• Short-eared owls in Sefton, Merseyside
  • A short trip to Dumfries and Galloway with Whooper Swans, Barnacle Geese, Great Northern Divers, Purple Sandpipers, Oystercatchers, Yellowhammers, Red Kites and a host of others
  • A Kittiwake on the Bridgewater Canal in Leigh
  • Dippers and a very close Great Crested Grebe at Yarrow Valley Country Park
  • Black Grouse lekking at World's End, Llangollen
  • Skylarks at Kinmel Bay and a Red-breasted Merganser and Stonechats at Gronant Beach

And possibly some more.  I do hope you will return to read some of my reports with photos of the birds I've seen so far in 2014.

Thursday, 20 February 2014

Red Kite at Bellymack Hill Farm

Red Kite 1 by GeekTeacher (aka Martyn Jones)
Red Kite at Bellymack Hill Farm Feeding Station in Dumfries and Galloway, Scotland
I've just got back from a few days birding in Dumfries and Galloway, Scotland.  Here's one of the first photos I've processed - I've only got a few thousand more to look through!

This photo was sent to my blog from my Flickr album - Red Kite 1, a photo by GeekTeacher (aka Martyn Jones).

Sunday, 5 January 2014

Another Glossy Ibis turns up locally

After the spectacular displays given by the long-staying Horwich birds, it was quite a surprise to find that another Glossy Ibis had turned up even more locally to me in Pennington Hall, Hindley.  The weather conditions were poor and got worse, so the photos aren't that great, but it's a nice local record for me.

Whilst I was there I was approached by a couple of the locals who were very friendly and interested in what all the fuss had been about over the last week or so.  When I explained they seemed to go away happy.  Another couple of birders also turned up in the next hour.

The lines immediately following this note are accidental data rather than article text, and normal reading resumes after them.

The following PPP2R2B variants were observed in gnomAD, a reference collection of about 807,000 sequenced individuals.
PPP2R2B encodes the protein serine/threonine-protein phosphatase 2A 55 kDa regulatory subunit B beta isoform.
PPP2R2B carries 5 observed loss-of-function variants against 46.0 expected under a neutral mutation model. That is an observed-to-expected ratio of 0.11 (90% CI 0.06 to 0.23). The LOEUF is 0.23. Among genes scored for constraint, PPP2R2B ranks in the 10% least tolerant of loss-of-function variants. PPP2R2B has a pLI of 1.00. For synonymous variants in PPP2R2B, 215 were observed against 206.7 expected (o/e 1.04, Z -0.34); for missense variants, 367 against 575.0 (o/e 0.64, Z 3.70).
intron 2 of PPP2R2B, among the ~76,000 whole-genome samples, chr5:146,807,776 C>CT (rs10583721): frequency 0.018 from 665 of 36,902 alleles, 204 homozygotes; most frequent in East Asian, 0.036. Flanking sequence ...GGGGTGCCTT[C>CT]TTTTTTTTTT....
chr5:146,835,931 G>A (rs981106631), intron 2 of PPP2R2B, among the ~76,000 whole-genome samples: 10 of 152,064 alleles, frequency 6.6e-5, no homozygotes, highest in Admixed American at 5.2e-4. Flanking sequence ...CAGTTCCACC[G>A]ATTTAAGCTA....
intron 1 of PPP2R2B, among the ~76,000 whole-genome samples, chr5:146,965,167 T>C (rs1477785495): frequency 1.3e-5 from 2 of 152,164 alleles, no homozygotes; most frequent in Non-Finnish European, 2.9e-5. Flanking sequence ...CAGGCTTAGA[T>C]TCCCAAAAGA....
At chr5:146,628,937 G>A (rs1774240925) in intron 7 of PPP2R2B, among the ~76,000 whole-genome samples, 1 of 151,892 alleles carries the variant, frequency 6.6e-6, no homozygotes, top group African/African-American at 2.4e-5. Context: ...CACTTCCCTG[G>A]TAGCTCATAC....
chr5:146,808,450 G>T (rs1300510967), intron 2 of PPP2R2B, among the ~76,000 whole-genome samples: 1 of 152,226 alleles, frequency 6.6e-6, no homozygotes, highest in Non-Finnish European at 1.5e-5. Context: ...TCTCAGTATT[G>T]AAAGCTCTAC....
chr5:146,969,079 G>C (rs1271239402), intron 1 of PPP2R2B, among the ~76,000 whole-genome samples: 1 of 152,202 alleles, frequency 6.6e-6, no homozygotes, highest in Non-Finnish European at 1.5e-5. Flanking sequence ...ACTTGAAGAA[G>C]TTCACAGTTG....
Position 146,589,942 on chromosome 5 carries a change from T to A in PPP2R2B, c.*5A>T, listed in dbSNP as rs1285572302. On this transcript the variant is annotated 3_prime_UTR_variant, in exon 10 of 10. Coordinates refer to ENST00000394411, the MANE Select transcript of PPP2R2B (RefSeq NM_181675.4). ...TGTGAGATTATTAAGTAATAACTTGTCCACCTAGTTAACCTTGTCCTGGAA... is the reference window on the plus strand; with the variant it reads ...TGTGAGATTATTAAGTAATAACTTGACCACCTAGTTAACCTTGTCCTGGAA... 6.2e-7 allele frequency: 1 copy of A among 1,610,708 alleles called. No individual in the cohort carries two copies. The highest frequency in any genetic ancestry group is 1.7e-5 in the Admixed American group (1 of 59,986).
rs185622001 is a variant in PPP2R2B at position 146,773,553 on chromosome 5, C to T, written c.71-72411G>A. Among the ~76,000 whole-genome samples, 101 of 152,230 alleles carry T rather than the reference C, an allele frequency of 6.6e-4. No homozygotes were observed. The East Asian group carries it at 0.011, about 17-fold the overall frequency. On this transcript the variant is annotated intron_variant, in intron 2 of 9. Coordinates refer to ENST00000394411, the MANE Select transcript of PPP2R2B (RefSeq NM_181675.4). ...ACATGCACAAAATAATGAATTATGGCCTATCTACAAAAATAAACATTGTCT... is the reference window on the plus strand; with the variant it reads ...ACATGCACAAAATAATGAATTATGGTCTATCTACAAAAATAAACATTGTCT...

On returning to my car I found that my battery was flat due to having left the lights on and not running it much over Christmas. This wasn't entirely without surprise as recently I'd been having an ongoing intermittent battery drain problem, but I had thought it had cured itself - unfortunately not it seems. To add insult to injury, my phone was also flat and I couldn't charge it from the car!

So this now prompted a saga of asking a passersby for jump leads and ended up with me going into the local farm to ask for help.  A very nice lady took some time to find some leads for me and another kind young lady then moved her car and gave me the jump start I needed.  During the process I had got completely soaked from the ever-increasing rainfall.

With the engine running, I  quickly thanked everyone who had helped me and set off for home in the hope I wouldn't stall on the way.